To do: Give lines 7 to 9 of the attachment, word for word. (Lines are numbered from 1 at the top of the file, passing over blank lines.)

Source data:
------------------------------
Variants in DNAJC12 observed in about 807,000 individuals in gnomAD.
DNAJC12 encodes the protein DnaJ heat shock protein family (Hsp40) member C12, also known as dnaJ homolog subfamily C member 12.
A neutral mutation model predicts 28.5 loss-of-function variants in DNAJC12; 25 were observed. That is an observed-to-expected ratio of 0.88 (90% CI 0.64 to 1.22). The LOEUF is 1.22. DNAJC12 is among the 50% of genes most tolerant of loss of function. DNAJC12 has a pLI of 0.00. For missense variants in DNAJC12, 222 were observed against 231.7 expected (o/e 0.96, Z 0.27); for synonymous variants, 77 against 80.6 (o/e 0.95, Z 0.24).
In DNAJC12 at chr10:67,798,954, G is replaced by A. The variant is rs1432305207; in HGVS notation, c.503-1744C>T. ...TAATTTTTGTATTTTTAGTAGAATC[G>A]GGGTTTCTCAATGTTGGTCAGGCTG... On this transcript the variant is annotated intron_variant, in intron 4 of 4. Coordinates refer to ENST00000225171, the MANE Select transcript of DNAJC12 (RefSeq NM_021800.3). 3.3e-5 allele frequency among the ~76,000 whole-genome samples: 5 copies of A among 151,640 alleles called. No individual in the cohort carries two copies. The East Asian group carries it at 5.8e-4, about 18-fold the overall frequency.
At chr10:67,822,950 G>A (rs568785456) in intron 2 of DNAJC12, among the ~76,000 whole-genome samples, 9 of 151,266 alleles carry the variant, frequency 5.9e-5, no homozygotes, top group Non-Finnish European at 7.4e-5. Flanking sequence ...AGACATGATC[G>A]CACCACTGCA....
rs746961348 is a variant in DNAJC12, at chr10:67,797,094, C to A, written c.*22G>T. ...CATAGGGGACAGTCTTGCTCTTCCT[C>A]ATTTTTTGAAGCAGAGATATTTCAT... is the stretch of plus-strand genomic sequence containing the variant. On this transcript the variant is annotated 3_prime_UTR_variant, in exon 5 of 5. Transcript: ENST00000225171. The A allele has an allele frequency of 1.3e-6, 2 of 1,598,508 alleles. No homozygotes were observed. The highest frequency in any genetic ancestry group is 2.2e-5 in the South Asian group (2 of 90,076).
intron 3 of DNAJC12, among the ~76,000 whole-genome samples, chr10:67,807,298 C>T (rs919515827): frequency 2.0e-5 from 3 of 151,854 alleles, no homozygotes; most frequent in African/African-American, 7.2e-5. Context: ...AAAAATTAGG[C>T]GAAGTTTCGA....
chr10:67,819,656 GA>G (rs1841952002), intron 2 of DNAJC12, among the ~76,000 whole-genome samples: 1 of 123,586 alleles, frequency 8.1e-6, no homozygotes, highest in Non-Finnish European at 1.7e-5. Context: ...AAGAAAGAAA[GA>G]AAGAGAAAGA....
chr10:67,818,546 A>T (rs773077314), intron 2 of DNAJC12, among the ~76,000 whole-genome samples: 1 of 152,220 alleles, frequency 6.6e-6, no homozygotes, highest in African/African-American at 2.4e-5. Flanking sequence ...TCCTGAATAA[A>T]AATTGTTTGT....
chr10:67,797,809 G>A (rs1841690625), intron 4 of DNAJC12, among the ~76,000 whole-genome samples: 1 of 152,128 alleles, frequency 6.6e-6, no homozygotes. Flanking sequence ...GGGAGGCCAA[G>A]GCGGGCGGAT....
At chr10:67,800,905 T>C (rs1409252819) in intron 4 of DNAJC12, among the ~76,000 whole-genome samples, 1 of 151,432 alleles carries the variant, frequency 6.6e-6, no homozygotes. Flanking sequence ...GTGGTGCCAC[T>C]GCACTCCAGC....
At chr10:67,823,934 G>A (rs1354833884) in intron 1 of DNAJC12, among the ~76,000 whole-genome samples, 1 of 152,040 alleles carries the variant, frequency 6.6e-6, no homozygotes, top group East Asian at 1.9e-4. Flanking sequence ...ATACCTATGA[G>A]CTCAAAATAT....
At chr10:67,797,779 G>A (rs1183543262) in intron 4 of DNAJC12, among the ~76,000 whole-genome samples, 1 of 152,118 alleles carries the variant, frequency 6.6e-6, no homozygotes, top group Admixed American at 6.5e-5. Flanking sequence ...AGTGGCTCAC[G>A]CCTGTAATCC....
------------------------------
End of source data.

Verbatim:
intron 3 of DNAJC12, among the ~76,000 whole-genome samples, chr10:67,807,298 C>T (rs919515827): frequency 2.0e-5 from 3 of 151,854 alleles, no homozygotes; most frequent in African/African-American, 7.2e-5. Context: ...AAAAATTAGG[C>T]GAAGTTTCGA....
chr10:67,819,656 GA>G (rs1841952002), intron 2 of DNAJC12, among the ~76,000 whole-genome samples: 1 of 123,586 alleles, frequency 8.1e-6, no homozygotes, highest in Non-Finnish European at 1.7e-5. Context: ...AAGAAAGAAA[GA>G]AAGAGAAAGA....
chr10:67,818,546 A>T (rs773077314), intron 2 of DNAJC12, among the ~76,000 whole-genome samples: 1 of 152,220 alleles, frequency 6.6e-6, no homozygotes, highest in African/African-American at 2.4e-5. Flanking sequence ...TCCTGAATAA[A>T]AATTGTTTGT....